Milken research links vegetarian diet with lower risk of heart disease, diabetes

Researchers at the Milken Institute School of Public Health found that South Asians living in the United States had a lower risk of heart disease and diabetes when they ate a vegetarian diet, according to a press release Monday.

Sameera Talegawkar, an associate professor of exercise and nutritional sciences, led a team that found South Asians who didn’t eat meat generally had a lower body mass index, cholesterol level and blood sugar level than a similar group that did eat meat.

The research mounts on similar studies that associate plant-based diets with health benefits.

Brazilian researchers found recently that people who regularly ate plant-based protein were roughly 60 percent less likely than meat-eaters to accumulate plaque in the heart’s arteries, according to the release.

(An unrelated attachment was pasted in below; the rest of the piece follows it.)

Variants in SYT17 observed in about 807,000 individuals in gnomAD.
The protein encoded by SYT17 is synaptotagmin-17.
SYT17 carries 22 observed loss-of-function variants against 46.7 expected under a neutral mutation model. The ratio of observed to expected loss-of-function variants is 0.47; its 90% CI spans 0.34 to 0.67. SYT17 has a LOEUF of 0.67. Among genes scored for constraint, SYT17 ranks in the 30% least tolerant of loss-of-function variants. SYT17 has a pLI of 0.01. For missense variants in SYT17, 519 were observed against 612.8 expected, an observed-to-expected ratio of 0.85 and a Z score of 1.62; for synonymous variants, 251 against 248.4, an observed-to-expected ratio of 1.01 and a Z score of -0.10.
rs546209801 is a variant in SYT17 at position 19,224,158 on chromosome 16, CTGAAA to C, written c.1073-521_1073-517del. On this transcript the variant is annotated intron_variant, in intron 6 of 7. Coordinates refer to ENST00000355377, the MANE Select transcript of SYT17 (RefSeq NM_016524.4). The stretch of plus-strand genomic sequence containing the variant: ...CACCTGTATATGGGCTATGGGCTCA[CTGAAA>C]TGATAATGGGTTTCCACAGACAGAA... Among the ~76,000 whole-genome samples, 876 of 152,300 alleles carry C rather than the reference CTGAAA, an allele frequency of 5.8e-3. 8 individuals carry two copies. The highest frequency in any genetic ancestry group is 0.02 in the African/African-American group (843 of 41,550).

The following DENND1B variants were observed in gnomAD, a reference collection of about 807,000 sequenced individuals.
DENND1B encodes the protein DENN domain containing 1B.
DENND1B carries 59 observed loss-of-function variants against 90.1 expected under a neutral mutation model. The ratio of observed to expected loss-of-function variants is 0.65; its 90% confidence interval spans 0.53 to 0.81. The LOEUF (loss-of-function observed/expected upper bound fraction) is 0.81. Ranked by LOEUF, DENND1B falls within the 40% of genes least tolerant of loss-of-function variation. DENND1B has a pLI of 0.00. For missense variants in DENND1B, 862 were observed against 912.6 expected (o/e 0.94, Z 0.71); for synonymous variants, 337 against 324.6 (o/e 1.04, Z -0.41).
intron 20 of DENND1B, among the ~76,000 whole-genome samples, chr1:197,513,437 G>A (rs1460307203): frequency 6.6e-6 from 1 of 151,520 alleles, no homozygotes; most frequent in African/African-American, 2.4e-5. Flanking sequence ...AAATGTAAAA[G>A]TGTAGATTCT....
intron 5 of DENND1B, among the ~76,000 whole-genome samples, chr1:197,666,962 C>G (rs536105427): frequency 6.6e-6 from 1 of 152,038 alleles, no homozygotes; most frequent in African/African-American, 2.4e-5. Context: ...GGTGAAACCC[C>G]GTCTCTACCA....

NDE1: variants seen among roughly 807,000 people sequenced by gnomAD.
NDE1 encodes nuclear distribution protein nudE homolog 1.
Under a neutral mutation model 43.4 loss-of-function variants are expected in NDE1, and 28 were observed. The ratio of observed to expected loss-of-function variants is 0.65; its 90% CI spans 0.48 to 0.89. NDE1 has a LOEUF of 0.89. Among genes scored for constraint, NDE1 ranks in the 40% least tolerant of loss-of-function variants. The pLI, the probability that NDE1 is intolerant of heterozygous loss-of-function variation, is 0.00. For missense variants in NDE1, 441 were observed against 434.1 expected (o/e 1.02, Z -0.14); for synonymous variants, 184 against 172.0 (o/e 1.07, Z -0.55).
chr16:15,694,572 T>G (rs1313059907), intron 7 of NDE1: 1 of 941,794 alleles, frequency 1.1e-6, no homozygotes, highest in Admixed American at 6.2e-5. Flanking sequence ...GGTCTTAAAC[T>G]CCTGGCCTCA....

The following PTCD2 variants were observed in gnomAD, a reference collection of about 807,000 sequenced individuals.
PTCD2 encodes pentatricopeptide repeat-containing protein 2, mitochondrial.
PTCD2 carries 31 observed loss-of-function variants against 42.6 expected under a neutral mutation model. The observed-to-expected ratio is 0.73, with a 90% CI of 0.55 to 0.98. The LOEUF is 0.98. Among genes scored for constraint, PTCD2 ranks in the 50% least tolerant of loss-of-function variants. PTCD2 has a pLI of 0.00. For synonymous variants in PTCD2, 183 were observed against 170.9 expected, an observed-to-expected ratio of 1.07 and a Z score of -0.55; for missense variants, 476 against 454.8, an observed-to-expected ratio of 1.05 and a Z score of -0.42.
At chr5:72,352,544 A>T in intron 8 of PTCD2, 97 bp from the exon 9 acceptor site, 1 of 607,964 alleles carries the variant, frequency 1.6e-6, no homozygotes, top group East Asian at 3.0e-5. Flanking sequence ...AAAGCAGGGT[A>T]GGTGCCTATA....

Another study from Dutch researchers showed that vegetarians exemplified a lower risk of developing coronary heart disease than their meat-eating counterparts, the release states.

All three findings were presented Sunday at a national nutrition conference.

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